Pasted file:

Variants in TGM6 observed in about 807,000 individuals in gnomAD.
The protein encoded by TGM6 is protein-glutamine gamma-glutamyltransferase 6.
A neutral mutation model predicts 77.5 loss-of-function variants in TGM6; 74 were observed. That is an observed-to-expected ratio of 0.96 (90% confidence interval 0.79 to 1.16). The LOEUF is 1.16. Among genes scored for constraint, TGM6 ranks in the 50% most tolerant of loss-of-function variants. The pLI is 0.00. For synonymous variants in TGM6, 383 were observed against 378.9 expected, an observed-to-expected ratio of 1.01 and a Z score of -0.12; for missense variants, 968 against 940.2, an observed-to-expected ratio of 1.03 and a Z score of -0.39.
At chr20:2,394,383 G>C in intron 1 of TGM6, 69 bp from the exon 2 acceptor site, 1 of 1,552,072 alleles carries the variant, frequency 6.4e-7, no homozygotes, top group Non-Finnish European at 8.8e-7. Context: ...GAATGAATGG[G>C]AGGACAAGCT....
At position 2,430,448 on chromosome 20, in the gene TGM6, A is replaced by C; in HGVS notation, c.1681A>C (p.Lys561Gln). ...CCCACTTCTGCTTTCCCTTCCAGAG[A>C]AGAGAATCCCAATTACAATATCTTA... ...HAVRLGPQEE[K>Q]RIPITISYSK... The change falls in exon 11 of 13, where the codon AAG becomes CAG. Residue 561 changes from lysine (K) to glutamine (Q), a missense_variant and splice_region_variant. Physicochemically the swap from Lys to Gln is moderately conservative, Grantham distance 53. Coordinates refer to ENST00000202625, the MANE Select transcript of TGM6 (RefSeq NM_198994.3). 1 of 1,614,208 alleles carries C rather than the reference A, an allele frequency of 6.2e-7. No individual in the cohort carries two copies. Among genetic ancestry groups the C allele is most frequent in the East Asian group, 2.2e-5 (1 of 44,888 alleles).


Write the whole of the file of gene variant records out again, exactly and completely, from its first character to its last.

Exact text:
Variants in TGM6 observed in about 807,000 individuals in gnomAD.
The protein encoded by TGM6 is protein-glutamine gamma-glutamyltransferase 6.
A neutral mutation model predicts 77.5 loss-of-function variants in TGM6; 74 were observed. That is an observed-to-expected ratio of 0.96 (90% confidence interval 0.79 to 1.16). The LOEUF is 1.16. Among genes scored for constraint, TGM6 ranks in the 50% most tolerant of loss-of-function variants. The pLI is 0.00. For synonymous variants in TGM6, 383 were observed against 378.9 expected, an observed-to-expected ratio of 1.01 and a Z score of -0.12; for missense variants, 968 against 940.2, an observed-to-expected ratio of 1.03 and a Z score of -0.39.
At chr20:2,394,383 G>C in intron 1 of TGM6, 69 bp from the exon 2 acceptor site, 1 of 1,552,072 alleles carries the variant, frequency 6.4e-7, no homozygotes, top group Non-Finnish European at 8.8e-7. Context: ...GAATGAATGG[G>C]AGGACAAGCT....
At position 2,430,448 on chromosome 20, in the gene TGM6, A is replaced by C; in HGVS notation, c.1681A>C (p.Lys561Gln). ...CCCACTTCTGCTTTCCCTTCCAGAG[A>C]AGAGAATCCCAATTACAATATCTTA... ...HAVRLGPQEE[K>Q]RIPITISYSK... The change falls in exon 11 of 13, where the codon AAG becomes CAG. Residue 561 changes from lysine (K) to glutamine (Q), a missense_variant and splice_region_variant. Physicochemically the swap from Lys to Gln is moderately conservative, Grantham distance 53. Coordinates refer to ENST00000202625, the MANE Select transcript of TGM6 (RefSeq NM_198994.3). 1 of 1,614,208 alleles carries C rather than the reference A, an allele frequency of 6.2e-7. No individual in the cohort carries two copies. Among genetic ancestry groups the C allele is most frequent in the East Asian group, 2.2e-5 (1 of 44,888 alleles).